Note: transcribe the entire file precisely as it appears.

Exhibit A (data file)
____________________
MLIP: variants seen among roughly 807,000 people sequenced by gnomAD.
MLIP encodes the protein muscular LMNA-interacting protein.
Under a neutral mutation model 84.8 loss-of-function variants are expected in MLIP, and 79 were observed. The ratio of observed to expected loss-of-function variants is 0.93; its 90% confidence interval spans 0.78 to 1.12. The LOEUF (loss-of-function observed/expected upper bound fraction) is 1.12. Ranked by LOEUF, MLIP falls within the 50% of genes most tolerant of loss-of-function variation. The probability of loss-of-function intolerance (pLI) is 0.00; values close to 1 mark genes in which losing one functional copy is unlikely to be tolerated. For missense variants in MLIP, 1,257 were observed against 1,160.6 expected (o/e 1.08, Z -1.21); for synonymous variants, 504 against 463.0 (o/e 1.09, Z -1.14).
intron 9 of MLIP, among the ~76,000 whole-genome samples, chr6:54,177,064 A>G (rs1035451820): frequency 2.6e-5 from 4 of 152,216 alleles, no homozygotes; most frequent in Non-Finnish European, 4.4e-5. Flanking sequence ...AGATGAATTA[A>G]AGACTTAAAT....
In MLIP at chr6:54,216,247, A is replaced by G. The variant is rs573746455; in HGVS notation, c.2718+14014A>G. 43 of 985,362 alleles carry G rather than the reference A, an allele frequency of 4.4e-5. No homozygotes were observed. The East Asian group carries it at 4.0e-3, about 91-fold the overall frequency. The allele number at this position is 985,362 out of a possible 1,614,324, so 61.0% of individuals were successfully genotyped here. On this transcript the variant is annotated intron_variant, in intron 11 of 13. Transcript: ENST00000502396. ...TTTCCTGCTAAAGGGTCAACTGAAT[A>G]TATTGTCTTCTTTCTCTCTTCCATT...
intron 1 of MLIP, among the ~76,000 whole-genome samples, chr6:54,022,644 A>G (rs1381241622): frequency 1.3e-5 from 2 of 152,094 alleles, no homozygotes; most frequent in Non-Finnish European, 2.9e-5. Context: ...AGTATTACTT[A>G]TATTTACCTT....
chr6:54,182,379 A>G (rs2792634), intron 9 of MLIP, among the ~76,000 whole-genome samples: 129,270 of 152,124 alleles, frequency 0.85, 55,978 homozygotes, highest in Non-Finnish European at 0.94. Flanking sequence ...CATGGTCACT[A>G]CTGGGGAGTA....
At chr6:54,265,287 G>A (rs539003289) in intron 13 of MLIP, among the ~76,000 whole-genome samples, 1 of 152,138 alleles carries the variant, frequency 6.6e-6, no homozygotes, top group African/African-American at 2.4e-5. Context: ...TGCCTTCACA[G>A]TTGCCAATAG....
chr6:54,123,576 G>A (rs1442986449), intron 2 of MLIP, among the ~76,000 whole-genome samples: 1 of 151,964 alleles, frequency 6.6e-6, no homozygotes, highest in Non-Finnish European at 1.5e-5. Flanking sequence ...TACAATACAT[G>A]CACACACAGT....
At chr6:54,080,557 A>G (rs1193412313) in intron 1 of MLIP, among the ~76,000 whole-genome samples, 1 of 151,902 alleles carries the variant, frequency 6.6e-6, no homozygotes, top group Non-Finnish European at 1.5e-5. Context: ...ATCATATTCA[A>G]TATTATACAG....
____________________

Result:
MLIP: variants seen among roughly 807,000 people sequenced by gnomAD.
MLIP encodes the protein muscular LMNA-interacting protein.
Under a neutral mutation model 84.8 loss-of-function variants are expected in MLIP, and 79 were observed. The ratio of observed to expected loss-of-function variants is 0.93; its 90% confidence interval spans 0.78 to 1.12. The LOEUF (loss-of-function observed/expected upper bound fraction) is 1.12. Ranked by LOEUF, MLIP falls within the 50% of genes most tolerant of loss-of-function variation. The probability of loss-of-function intolerance (pLI) is 0.00; values close to 1 mark genes in which losing one functional copy is unlikely to be tolerated. For missense variants in MLIP, 1,257 were observed against 1,160.6 expected (o/e 1.08, Z -1.21); for synonymous variants, 504 against 463.0 (o/e 1.09, Z -1.14).
intron 9 of MLIP, among the ~76,000 whole-genome samples, chr6:54,177,064 A>G (rs1035451820): frequency 2.6e-5 from 4 of 152,216 alleles, no homozygotes; most frequent in Non-Finnish European, 4.4e-5. Flanking sequence ...AGATGAATTA[A>G]AGACTTAAAT....
In MLIP at chr6:54,216,247, A is replaced by G. The variant is rs573746455; in HGVS notation, c.2718+14014A>G. 43 of 985,362 alleles carry G rather than the reference A, an allele frequency of 4.4e-5. No homozygotes were observed. The East Asian group carries it at 4.0e-3, about 91-fold the overall frequency. The allele number at this position is 985,362 out of a possible 1,614,324, so 61.0% of individuals were successfully genotyped here. On this transcript the variant is annotated intron_variant, in intron 11 of 13. Transcript: ENST00000502396. ...TTTCCTGCTAAAGGGTCAACTGAAT[A>G]TATTGTCTTCTTTCTCTCTTCCATT...
intron 1 of MLIP, among the ~76,000 whole-genome samples, chr6:54,022,644 A>G (rs1381241622): frequency 1.3e-5 from 2 of 152,094 alleles, no homozygotes; most frequent in Non-Finnish European, 2.9e-5. Context: ...AGTATTACTT[A>G]TATTTACCTT....
chr6:54,182,379 A>G (rs2792634), intron 9 of MLIP, among the ~76,000 whole-genome samples: 129,270 of 152,124 alleles, frequency 0.85, 55,978 homozygotes, highest in Non-Finnish European at 0.94. Flanking sequence ...CATGGTCACT[A>G]CTGGGGAGTA....
At chr6:54,265,287 G>A (rs539003289) in intron 13 of MLIP, among the ~76,000 whole-genome samples, 1 of 152,138 alleles carries the variant, frequency 6.6e-6, no homozygotes, top group African/African-American at 2.4e-5. Context: ...TGCCTTCACA[G>A]TTGCCAATAG....
chr6:54,123,576 G>A (rs1442986449), intron 2 of MLIP, among the ~76,000 whole-genome samples: 1 of 151,964 alleles, frequency 6.6e-6, no homozygotes, highest in Non-Finnish European at 1.5e-5. Flanking sequence ...TACAATACAT[G>A]CACACACAGT....
At chr6:54,080,557 A>G (rs1193412313) in intron 1 of MLIP, among the ~76,000 whole-genome samples, 1 of 151,902 alleles carries the variant, frequency 6.6e-6, no homozygotes, top group Non-Finnish European at 1.5e-5. Context: ...ATCATATTCA[A>G]TATTATACAG....